The saddest stories at humane societies across the country are the older pets that have known the lifelong stability of living with a family or individual and now find their very existence in jeopardy. Sometimes, the owner has died or had to leave the home. Other times the owners regarded their pets as disposable commodities and turned them in to the shelter when caring for them became inconvenient. People who have adopted these older, discarded pets in the past and given them a second chance have had a wonderful and rewarding experience.
Many of us go to an animal shelter with the idea that we must have a puppy or kitten. We think we can shape that animal’s behavior and have a stronger bond if we live with them from a young age. The fact is that with an older animal, all the time-consuming training has already been done for you. These animals know about our routines of sleeping at night and working during the day. They have usually already been housebroken or learned about litter boxes. They are used to living in a home situation and will be very happy to be back in a familiar and comforting environment, rather than in a small kennel at a shelter.
Another advantage with an older pet is that you can see what you are getting. A puppy may not end up the size you thought, with the coat you thought he’d have or with the temperament you hoped for. With older pets, personalities are already apparent. You can see how they like your children or your other pets within a relatively short time. Will you have more trips to the vet with an older pet? Not necessarily. Kittens and puppies need to complete vaccine series, get spayed and neutered and are more likely to get into accidents than are adults. You can avoid the sleepless nights involved in getting a new puppy acclimated to being away from her littermates, and the necessity of taking her out to relieve herself every few hours because older dogs understand nighttime is for sleeping.
Diane Rasmussen, the Outreach and Volunteer coordinator for the Spokane Humane Society, has helped place many adult and senior pets in households. She has seen people arrive at the shelter wanting pets of a certain age, gender or size. Often they walk out with a pet who didn’t meet all those criteria, but with whom they felt a connection or bond. Senior pets, even if they have some minor, manageable health issues, can be wonderful companions.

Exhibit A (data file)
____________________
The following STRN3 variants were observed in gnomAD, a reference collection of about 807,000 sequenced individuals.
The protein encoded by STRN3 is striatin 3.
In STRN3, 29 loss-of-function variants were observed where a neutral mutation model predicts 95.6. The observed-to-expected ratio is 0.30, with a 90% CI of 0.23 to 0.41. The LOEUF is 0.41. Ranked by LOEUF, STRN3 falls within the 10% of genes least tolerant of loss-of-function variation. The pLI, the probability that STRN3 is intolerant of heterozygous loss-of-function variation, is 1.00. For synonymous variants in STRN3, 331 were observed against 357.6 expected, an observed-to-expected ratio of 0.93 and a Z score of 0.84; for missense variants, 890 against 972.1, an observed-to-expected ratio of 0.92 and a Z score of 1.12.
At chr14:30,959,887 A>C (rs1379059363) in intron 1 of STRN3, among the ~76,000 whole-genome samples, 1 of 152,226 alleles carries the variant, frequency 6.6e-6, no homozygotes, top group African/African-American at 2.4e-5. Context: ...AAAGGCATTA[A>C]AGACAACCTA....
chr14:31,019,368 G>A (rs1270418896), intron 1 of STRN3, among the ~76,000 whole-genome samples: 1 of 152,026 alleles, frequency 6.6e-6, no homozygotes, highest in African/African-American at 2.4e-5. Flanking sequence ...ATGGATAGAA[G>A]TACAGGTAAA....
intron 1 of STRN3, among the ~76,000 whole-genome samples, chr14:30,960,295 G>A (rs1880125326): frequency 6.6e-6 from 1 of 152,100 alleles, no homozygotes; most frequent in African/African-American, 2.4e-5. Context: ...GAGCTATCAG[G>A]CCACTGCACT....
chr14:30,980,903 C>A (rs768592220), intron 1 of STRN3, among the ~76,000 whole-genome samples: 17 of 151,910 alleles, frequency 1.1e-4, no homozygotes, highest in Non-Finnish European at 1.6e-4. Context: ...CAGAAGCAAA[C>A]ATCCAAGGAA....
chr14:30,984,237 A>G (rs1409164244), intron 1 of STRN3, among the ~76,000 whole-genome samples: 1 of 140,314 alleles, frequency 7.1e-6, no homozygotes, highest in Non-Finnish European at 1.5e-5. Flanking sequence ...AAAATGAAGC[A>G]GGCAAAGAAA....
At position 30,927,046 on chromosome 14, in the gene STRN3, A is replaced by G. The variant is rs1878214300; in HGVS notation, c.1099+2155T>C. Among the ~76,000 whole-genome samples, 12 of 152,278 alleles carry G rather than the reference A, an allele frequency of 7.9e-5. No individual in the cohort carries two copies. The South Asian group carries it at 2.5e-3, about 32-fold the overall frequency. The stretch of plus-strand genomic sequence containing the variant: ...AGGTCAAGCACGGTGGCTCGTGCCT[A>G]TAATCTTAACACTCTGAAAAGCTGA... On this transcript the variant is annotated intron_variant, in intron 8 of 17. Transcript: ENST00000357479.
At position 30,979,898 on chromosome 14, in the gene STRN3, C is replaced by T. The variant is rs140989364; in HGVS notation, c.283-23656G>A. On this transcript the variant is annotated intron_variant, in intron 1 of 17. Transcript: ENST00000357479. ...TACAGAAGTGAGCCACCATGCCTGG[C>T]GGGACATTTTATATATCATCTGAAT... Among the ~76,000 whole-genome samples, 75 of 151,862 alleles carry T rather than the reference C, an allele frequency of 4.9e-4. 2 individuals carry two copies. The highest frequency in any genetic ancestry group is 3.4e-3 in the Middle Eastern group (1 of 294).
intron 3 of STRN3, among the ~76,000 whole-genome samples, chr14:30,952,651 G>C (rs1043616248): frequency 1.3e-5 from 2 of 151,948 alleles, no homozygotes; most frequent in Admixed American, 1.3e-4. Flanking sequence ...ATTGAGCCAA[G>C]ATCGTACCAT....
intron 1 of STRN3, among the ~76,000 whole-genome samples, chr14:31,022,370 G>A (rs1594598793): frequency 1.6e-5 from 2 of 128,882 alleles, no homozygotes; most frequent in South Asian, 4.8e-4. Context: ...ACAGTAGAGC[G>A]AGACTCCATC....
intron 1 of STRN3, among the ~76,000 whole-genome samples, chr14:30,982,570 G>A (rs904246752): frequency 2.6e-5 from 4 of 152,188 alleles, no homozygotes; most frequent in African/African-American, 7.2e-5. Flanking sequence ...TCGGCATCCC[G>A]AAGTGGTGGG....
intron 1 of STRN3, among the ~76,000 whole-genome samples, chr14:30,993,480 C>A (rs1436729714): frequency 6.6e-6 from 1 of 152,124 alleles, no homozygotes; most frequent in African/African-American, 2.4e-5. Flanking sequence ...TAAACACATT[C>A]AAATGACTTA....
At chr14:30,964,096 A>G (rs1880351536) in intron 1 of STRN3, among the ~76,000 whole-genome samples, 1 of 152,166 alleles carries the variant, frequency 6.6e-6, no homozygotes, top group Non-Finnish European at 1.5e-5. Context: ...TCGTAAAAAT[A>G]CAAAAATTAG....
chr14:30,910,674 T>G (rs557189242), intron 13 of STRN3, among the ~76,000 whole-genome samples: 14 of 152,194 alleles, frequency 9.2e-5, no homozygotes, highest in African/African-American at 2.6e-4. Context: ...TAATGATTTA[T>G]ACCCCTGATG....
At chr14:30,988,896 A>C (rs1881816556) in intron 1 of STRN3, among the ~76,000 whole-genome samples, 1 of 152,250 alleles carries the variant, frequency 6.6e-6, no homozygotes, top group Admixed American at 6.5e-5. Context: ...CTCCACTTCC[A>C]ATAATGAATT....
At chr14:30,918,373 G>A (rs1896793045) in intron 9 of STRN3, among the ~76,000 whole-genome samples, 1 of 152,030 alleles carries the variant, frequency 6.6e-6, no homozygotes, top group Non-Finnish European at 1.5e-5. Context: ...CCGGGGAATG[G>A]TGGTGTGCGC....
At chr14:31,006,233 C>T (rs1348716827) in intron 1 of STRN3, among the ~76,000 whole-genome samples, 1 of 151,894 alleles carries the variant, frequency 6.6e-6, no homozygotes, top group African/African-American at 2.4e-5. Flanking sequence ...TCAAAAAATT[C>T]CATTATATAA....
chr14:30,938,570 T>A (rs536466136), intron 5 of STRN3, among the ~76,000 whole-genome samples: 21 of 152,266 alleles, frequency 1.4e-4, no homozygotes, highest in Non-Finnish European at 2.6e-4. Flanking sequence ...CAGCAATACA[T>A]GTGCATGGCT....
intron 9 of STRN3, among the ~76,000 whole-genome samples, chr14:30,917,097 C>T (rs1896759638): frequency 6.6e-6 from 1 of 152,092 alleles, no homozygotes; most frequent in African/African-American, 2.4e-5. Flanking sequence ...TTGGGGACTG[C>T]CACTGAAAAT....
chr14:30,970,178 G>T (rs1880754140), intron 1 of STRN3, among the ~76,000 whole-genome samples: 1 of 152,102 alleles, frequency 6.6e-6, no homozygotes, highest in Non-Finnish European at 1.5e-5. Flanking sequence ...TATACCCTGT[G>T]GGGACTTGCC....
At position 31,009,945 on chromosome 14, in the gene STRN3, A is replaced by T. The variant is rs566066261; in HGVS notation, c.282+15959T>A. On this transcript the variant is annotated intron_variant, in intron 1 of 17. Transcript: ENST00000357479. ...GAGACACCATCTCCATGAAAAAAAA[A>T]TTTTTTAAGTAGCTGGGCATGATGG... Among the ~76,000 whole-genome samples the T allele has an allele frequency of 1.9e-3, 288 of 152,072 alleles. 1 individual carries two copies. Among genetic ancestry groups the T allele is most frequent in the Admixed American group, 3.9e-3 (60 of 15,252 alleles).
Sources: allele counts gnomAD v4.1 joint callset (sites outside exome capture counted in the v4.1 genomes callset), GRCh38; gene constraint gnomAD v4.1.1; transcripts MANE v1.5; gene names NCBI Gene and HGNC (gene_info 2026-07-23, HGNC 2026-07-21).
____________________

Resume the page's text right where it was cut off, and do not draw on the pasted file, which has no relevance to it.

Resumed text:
“There are happy older dogs (and cats) who have some time to share with a loving family,” Rasmussen says.
If senior pets have serious medical or behavioral issues, then euthanasia is unavoidable. However, sometimes previous owners exaggerate problems to alleviate their own guilt for surrendering their pet. Rasmussen says her organization and all shelters are in need of volunteers to help evaluate these pets, walk them and play with them, to see if they are adoptable. (See box.)
Rasmussen especially likes the idea of placing senior pets with senior people. Many seniors miss the companionship of a dog or cat, but do not have the physical capability to deal with an exuberant younger animal. Senior pets may not be up to constant physical activity, but would love to spend part of the day curled up on a lap or on the floor close by. Rasmussen tells of a very elderly dog with poor eyesight and hearing but who was very affectionate and happy. The person who adopted her knew the risk that the dog might not have many more months or years left in her. Her attitude was: “I’m going to love her every day I have her no matter how long that is.”
Few things in life are more rewarding than knowing you gave an older pet a second chance.